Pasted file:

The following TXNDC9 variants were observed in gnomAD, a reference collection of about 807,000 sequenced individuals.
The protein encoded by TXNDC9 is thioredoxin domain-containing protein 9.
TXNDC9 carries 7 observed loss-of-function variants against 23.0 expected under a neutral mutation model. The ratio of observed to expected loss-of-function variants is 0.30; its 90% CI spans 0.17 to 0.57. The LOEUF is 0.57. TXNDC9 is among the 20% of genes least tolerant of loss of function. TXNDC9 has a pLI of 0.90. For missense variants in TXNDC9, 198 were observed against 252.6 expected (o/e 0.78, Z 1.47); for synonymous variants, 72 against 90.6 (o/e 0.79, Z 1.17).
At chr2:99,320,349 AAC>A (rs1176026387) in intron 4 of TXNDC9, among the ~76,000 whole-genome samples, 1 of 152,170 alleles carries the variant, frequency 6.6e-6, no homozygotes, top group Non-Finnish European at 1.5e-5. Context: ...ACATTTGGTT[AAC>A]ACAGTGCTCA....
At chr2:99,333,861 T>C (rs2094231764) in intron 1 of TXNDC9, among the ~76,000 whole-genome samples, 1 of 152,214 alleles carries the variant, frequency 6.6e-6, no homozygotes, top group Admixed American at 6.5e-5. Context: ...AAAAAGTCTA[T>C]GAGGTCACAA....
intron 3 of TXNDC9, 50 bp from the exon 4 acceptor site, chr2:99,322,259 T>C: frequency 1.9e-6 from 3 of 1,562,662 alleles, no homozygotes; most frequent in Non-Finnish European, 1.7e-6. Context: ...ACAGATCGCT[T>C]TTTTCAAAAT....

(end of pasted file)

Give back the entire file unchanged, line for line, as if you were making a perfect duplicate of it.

The following TXNDC9 variants were observed in gnomAD, a reference collection of about 807,000 sequenced individuals.
The protein encoded by TXNDC9 is thioredoxin domain-containing protein 9.
TXNDC9 carries 7 observed loss-of-function variants against 23.0 expected under a neutral mutation model. The ratio of observed to expected loss-of-function variants is 0.30; its 90% CI spans 0.17 to 0.57. The LOEUF is 0.57. TXNDC9 is among the 20% of genes least tolerant of loss of function. TXNDC9 has a pLI of 0.90. For missense variants in TXNDC9, 198 were observed against 252.6 expected (o/e 0.78, Z 1.47); for synonymous variants, 72 against 90.6 (o/e 0.79, Z 1.17).
At chr2:99,320,349 AAC>A (rs1176026387) in intron 4 of TXNDC9, among the ~76,000 whole-genome samples, 1 of 152,170 alleles carries the variant, frequency 6.6e-6, no homozygotes, top group Non-Finnish European at 1.5e-5. Context: ...ACATTTGGTT[AAC>A]ACAGTGCTCA....
At chr2:99,333,861 T>C (rs2094231764) in intron 1 of TXNDC9, among the ~76,000 whole-genome samples, 1 of 152,214 alleles carries the variant, frequency 6.6e-6, no homozygotes, top group Admixed American at 6.5e-5. Context: ...AAAAAGTCTA[T>C]GAGGTCACAA....
intron 3 of TXNDC9, 50 bp from the exon 4 acceptor site, chr2:99,322,259 T>C: frequency 1.9e-6 from 3 of 1,562,662 alleles, no homozygotes; most frequent in Non-Finnish European, 1.7e-6. Context: ...ACAGATCGCT[T>C]TTTTCAAAAT....